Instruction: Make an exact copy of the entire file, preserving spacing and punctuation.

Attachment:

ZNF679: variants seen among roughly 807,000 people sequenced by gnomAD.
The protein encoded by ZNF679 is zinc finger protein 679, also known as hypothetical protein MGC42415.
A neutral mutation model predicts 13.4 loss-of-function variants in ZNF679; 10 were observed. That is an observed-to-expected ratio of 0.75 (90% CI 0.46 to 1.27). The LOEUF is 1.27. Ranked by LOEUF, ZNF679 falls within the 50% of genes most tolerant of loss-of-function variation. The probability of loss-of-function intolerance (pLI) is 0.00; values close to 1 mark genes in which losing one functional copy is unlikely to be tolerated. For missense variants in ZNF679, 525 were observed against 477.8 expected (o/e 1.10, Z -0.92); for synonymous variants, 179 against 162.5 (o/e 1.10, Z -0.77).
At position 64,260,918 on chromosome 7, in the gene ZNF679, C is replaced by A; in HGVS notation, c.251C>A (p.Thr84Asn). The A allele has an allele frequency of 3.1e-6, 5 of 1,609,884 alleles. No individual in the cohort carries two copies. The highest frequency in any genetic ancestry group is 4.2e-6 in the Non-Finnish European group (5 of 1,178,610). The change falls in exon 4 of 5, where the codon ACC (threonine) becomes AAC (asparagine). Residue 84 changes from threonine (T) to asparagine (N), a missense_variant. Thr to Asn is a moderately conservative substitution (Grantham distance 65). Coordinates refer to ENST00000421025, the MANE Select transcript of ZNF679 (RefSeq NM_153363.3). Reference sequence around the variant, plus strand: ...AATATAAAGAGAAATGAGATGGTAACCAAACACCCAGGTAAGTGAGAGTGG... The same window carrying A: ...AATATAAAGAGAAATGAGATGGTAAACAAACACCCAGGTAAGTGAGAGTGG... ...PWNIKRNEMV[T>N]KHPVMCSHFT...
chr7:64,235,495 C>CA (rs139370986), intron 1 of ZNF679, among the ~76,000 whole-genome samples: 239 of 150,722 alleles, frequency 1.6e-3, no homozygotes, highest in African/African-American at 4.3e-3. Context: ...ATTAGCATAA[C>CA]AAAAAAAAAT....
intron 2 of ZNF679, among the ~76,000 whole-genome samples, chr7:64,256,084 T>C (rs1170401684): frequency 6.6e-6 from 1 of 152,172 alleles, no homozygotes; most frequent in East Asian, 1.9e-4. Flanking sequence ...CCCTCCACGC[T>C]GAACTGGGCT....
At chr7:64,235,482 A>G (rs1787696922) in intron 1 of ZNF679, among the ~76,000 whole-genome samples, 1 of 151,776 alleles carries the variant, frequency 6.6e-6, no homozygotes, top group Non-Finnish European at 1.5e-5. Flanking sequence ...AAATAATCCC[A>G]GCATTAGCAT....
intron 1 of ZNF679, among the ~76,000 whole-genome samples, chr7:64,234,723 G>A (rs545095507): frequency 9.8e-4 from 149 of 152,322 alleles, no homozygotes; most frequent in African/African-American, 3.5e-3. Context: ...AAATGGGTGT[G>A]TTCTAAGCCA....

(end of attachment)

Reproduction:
ZNF679: variants seen among roughly 807,000 people sequenced by gnomAD.
The protein encoded by ZNF679 is zinc finger protein 679, also known as hypothetical protein MGC42415.
A neutral mutation model predicts 13.4 loss-of-function variants in ZNF679; 10 were observed. That is an observed-to-expected ratio of 0.75 (90% CI 0.46 to 1.27). The LOEUF is 1.27. Ranked by LOEUF, ZNF679 falls within the 50% of genes most tolerant of loss-of-function variation. The probability of loss-of-function intolerance (pLI) is 0.00; values close to 1 mark genes in which losing one functional copy is unlikely to be tolerated. For missense variants in ZNF679, 525 were observed against 477.8 expected (o/e 1.10, Z -0.92); for synonymous variants, 179 against 162.5 (o/e 1.10, Z -0.77).
At position 64,260,918 on chromosome 7, in the gene ZNF679, C is replaced by A; in HGVS notation, c.251C>A (p.Thr84Asn). The A allele has an allele frequency of 3.1e-6, 5 of 1,609,884 alleles. No individual in the cohort carries two copies. The highest frequency in any genetic ancestry group is 4.2e-6 in the Non-Finnish European group (5 of 1,178,610). The change falls in exon 4 of 5, where the codon ACC (threonine) becomes AAC (asparagine). Residue 84 changes from threonine (T) to asparagine (N), a missense_variant. Thr to Asn is a moderately conservative substitution (Grantham distance 65). Coordinates refer to ENST00000421025, the MANE Select transcript of ZNF679 (RefSeq NM_153363.3). Reference sequence around the variant, plus strand: ...AATATAAAGAGAAATGAGATGGTAACCAAACACCCAGGTAAGTGAGAGTGG... The same window carrying A: ...AATATAAAGAGAAATGAGATGGTAAACAAACACCCAGGTAAGTGAGAGTGG... ...PWNIKRNEMV[T>N]KHPVMCSHFT...
chr7:64,235,495 C>CA (rs139370986), intron 1 of ZNF679, among the ~76,000 whole-genome samples: 239 of 150,722 alleles, frequency 1.6e-3, no homozygotes, highest in African/African-American at 4.3e-3. Context: ...ATTAGCATAA[C>CA]AAAAAAAAAT....
intron 2 of ZNF679, among the ~76,000 whole-genome samples, chr7:64,256,084 T>C (rs1170401684): frequency 6.6e-6 from 1 of 152,172 alleles, no homozygotes; most frequent in East Asian, 1.9e-4. Flanking sequence ...CCCTCCACGC[T>C]GAACTGGGCT....
At chr7:64,235,482 A>G (rs1787696922) in intron 1 of ZNF679, among the ~76,000 whole-genome samples, 1 of 151,776 alleles carries the variant, frequency 6.6e-6, no homozygotes, top group Non-Finnish European at 1.5e-5. Flanking sequence ...AAATAATCCC[A>G]GCATTAGCAT....
intron 1 of ZNF679, among the ~76,000 whole-genome samples, chr7:64,234,723 G>A (rs545095507): frequency 9.8e-4 from 149 of 152,322 alleles, no homozygotes; most frequent in African/African-American, 3.5e-3. Context: ...AAATGGGTGT[G>A]TTCTAAGCCA....